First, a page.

Today, the last day of a weeklong academic break, I went searching for my copy of a 1989 issue of Interim, the magazine in which my poems made their first national appearance. I was an undergrad at Rutgers when I sent them off, after scouring Poets’ Market for venues. (No web sites to browse back then, and Nevada lit mags didn’t make it to New Brunswick bookstore shelves very often.) I was on a cross-country road trip after graduation when the acceptance letter came–Chris opened it for me during one of my rare calls back home, from Texas, as I recall. (No cell phones, either.) When the issue arrived, I was deep into my first term of graduate coursework, still writing poems but basically abandoning for years any serious effort to get them published. I was ambitious, and poetry remained a lifeline, but the workload at my fancy PhD program was overwhelming, my peers brilliant, and my confidence shot to hell.
I found the red-and-white issue buried under memorabilia (look at those old IDs! I was such a baby!) in a box in my attic. People have accused me of keeping a relatively orderly house, but those people haven’t climbed the attic stairs. Added to many of our old letters, notebooks, and yearbooks are now the kids’ most precious toys and diaries, AND several boxes of photos, papers, and offprints from my mother-in-law, in assisted living. When Chris brought Judy’s boxes home, we were both sobered. Who will ever look again at all those articles on epidemiology, the NIH grant applications, and other evidence of scientific ambition? But who could simply recycle them? Up to the attic they went.
The occasion for today’s search was my second publication in Interim, 28 years later. The current editors very kindly took three poems from what I hope will be my next poetry collection which is, as it happens, concerned with ambition, from the vantage of middle age in a small, small town. The poems “Ambitions: Bath” and “Ambitions: Lexington” are from a series of list poems reflecting various impossible aspirations. They’re strongly rooted in place because for me, coming to terms with feeling stuck has meant digging down and taking in some history. If you’re having trouble shooting up, why not root down? I’m seeing what I can learn, anyway, from planting my feet and so far the answer is: a lot.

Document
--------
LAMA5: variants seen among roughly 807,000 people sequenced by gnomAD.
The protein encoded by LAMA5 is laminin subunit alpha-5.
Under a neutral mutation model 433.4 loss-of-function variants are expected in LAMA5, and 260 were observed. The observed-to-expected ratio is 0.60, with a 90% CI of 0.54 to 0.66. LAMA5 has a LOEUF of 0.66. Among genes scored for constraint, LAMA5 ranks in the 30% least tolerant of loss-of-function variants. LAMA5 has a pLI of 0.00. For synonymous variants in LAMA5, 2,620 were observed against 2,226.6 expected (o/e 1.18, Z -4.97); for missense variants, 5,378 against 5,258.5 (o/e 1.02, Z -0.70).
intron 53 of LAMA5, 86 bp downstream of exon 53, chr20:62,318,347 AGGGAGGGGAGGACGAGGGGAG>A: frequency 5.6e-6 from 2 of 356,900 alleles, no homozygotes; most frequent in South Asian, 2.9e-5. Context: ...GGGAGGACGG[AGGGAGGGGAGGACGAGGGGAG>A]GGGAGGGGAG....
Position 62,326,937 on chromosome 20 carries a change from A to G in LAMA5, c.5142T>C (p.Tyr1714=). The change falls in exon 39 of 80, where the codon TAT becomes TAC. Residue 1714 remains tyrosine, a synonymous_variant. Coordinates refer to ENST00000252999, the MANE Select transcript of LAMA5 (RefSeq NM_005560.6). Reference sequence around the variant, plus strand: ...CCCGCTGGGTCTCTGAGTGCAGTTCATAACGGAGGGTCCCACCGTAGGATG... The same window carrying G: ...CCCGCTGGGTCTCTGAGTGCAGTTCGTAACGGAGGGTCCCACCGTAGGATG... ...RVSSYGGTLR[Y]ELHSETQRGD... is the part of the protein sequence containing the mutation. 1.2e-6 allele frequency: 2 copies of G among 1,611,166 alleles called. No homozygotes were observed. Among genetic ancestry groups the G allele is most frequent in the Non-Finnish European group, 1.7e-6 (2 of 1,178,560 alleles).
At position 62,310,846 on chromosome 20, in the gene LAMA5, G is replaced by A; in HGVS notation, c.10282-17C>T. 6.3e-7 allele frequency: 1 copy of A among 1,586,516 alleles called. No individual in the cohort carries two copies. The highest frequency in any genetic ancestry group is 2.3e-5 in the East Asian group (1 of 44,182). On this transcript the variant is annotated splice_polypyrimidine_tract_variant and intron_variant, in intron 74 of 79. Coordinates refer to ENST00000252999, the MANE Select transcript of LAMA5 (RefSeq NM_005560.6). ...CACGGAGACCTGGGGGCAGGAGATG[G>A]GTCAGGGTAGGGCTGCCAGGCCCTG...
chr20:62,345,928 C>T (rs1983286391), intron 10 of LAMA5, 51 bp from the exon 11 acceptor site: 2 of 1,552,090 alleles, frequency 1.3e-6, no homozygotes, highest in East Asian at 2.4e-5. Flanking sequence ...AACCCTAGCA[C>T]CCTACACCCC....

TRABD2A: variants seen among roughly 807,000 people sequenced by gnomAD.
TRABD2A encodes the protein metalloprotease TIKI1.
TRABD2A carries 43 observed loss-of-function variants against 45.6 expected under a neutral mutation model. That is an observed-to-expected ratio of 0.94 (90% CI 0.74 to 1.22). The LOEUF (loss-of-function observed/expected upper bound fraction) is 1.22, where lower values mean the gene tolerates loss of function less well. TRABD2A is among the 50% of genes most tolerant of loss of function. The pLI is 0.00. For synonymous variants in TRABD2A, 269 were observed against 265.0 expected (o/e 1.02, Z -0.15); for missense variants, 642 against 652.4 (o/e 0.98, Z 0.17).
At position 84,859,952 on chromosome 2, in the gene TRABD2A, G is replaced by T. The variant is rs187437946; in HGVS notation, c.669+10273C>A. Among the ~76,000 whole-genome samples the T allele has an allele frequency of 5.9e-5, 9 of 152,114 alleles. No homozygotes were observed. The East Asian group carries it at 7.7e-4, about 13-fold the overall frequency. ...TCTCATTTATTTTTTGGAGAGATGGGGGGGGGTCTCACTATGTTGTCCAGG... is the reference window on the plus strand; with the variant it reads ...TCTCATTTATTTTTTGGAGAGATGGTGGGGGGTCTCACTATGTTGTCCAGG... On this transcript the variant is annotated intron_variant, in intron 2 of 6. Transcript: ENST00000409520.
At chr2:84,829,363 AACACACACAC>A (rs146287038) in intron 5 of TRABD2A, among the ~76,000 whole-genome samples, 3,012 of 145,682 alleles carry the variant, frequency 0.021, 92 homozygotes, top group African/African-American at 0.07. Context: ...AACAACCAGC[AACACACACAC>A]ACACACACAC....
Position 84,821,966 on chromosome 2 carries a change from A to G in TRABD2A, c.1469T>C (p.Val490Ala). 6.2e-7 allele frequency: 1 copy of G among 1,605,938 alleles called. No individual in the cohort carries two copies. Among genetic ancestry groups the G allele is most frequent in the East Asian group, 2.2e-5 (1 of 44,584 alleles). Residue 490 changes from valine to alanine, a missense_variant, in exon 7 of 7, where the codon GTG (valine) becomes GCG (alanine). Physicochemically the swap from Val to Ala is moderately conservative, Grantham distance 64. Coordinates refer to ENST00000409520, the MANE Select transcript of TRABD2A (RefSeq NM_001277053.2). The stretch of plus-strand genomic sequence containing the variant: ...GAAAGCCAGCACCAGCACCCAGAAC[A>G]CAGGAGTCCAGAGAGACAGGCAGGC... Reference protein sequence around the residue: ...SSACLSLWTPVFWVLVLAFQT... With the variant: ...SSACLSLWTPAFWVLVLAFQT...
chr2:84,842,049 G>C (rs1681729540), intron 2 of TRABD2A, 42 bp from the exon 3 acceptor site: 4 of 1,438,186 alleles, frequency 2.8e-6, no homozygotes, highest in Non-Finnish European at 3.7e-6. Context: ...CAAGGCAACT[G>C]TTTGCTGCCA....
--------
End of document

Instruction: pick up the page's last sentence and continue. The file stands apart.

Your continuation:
During this overstuffed week I spelunked the attic, put together new submissions, booked future travel, graded essays, and organized lesson plans. I didn’t fulfill all my goals, but my goals were pretty ridiculous, as usual, so getting partway through the plan feels okay. And it’s interesting to take the long view for an afternoon, comparing my old and new poems and dreams. The new Interim, edited by Claudia Keelan and Derek Pollard, is in most ways better than the old, founded and edited by Wilber Stevens. But my undergrad apprentice-work was published only a few pages away from William Stafford’s “The Anxiety of Influence”–a head-trip. “You can’t realize your panoply of influence,” Stafford writes, “reaching out from a quiet life,/ and sometimes power extends far over/ a wide part of the world, especially downwind.” The joke is that the “influence” he’s referring to here is literally human stinkiness, wafting along a hiking trail and intriguing some coyotes. I like the way he pricks ego’s balloon: aspiring poet, your words may not be as impressive as your body odor.
It’s fun, too, to reread my now ancient-seeming poems, “Stones” and “Crocus,” as Interim published them ages ago. The latter poem is about potential and striving against hostile elements; it translates other senses, and the nonhuman world, into sound and voice; and it’s slant-rhymed (“thought”/ “thawed,” not bad!). Maybe not so much has changed after all, in the interim.